I think we’ve all been here, buying a camera and lens rated by a seller as “very good” and not realizing all the photos had the lens caps on. When the Minolta X-370 with this lens arrived, opening the box filled my living room with a smell like broccoli and fish had been dumped in a bucket of milk and left in a car’s trunk in the summer. The camera was completely unrecoverable and the lens was filled with fungus and rust.

Most people would, rightly, have sent the thing back or dropped it in the recycle bin. I thought it might be fun to see how it worked and if I could repair it enough to take serviceable images. The end of this article contains a video detailing the process and providing more results.

To start, I put the lens on my Sony A7S II and took it around a local park for some sample photos. The rust on the lens’ elements tinted all the images brown. The mold, dirt, and rust gave the images a pictorialist quality. Some work in Photoshop CS6 Extended, primarily having to do with duplicating layers, correcting curves, and changing layer blending modes, pulled about as much out of the images as possible. I could restore the colors very well and through the blurriness could see hints of sharpness.

I tried both film and digital images and found the film images unusable and uneditable. This surprised me a bit as I’d expected they would be more so. More surprising, the black and white roll that I shot returned nothing that approached usable. Again, I had expected black and white film to perform better than color film.

Disassembling the lens revealed that the rear lens cell had significant rust damage. To repair the lens, I disassembled the cells with a spanner wrench and removed them. I cleaned them with rubbing alcohol (91%) and gentle application with cotton swabs to remove the mold and rust from the lens. This also removed the black edging on the lens elements.

Moldy and Rusty Minolta 50mm f/1.7 Rear Cell

Lens elements’ edges are ground and, in quality optics, also painted black. This absorbs stray light reflections that occur within and between lens elements and helps eliminate flaring, ghosting, and contrast loss when the lens has bright light either in the field of view or immediately outside of it.

Applying Culture Hustle Black 2.0 to the ground edges of the lens cells

Replacing the black coating was simple. I used Culture Hustle Black 2.0 to re-paint the edging. This had the advantage of being a better material than the original for this task and, though I can’t directly prove this because of the multiple repairs on this lens, I suspect this had a lot to do with improving contrast in the repaired lens’ images. I used a cotton swab to apply the paint and then a clean swab to remove bits of over-paint from the elements polished surfaces.

This is what the lens cells looked like after cleaning and edge repainting. The cell disassembly was simple and the cleaning, though time consuming, was not particularly challening.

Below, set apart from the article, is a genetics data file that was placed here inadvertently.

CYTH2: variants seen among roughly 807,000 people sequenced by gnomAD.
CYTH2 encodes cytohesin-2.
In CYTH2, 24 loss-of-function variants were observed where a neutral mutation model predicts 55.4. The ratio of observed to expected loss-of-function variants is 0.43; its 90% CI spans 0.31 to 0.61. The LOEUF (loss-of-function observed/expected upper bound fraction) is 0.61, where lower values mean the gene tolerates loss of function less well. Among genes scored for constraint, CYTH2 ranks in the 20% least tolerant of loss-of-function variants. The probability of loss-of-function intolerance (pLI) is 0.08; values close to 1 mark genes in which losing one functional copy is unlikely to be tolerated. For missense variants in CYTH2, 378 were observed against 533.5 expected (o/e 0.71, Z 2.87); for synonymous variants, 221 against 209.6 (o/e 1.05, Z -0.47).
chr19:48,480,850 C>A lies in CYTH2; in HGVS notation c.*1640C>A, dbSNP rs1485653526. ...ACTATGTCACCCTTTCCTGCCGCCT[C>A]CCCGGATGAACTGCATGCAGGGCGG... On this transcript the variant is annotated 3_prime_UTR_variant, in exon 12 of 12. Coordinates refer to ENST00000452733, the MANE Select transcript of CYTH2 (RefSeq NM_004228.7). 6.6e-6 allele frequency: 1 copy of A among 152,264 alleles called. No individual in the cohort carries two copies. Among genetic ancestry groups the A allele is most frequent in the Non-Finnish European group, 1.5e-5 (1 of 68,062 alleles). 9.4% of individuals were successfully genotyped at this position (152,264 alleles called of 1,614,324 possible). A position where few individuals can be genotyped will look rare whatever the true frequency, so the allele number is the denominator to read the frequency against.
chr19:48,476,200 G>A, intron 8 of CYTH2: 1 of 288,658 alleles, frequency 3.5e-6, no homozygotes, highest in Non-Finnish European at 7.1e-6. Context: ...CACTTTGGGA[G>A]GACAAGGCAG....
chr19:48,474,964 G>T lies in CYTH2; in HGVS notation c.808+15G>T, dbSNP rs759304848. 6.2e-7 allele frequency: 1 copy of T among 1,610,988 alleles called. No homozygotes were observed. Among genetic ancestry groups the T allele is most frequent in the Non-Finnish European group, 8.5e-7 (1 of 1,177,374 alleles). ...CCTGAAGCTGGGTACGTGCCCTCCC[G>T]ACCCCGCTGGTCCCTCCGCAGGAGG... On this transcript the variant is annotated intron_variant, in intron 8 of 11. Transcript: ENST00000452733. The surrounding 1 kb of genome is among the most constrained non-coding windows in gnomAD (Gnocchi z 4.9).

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Cleaned lens cell

I also tried to repair the aperture, but the leaves had rusted and a number had broken beyond repair. Aperture leaves close because of simple mechanical action. In their basic design, aperture leaves have a fixed rotational axis with movement controlled by rotating pin that moves through a sliding pin track. The rotational axis causes the leaves to move around that pivot point, which directs them to close inward. In the leaves in the image below, that axis is the small circle.

Aperture Leaves exhibiting significant corrosion

Apertures convert the rotational energy of the aperture ring to inward motion by using a pin in the leaves’ longer slot. That pin slides with the aperture ring’s rotation and that rotation causes the leaves to close and move at the axis. In the leaves below you can see rust at the small holes. This caused the axis pins to fall out. In this lens, the axis pins are simply pressed and mushroomed into the leaves and the water in the lens caused a differential-metal reaction which accelerated rust at the pin location. This rendered the leaves unusable because they could no longer rotate at the axis point.

All this to say the repaired lens can only shoot wide open as I had to remove the entire aperture assembly.

So how does the repaired lens perform? Well, here are some sample images.

Overall, this lens performed far better than expected both before and after the repair. There is some softness and a pleasing glow in the post-repair images, and I don’t think I know of a lens that can truly replicate that. Surprisingly to me, the lens retained significant sharpness and, given that all the photos following the repair are shot wide open, it looks pretty darn good.

For more information on this project and a more detailed description of the repair, check out my video on this moldy lens repair at the video above!

~ David

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About the author

David Hancock

David Hancock is a professional writer and photographer in the Denver metro area. He specializes in dog, portrait, and event photography. David is most well known online for his film and technique-oriented...

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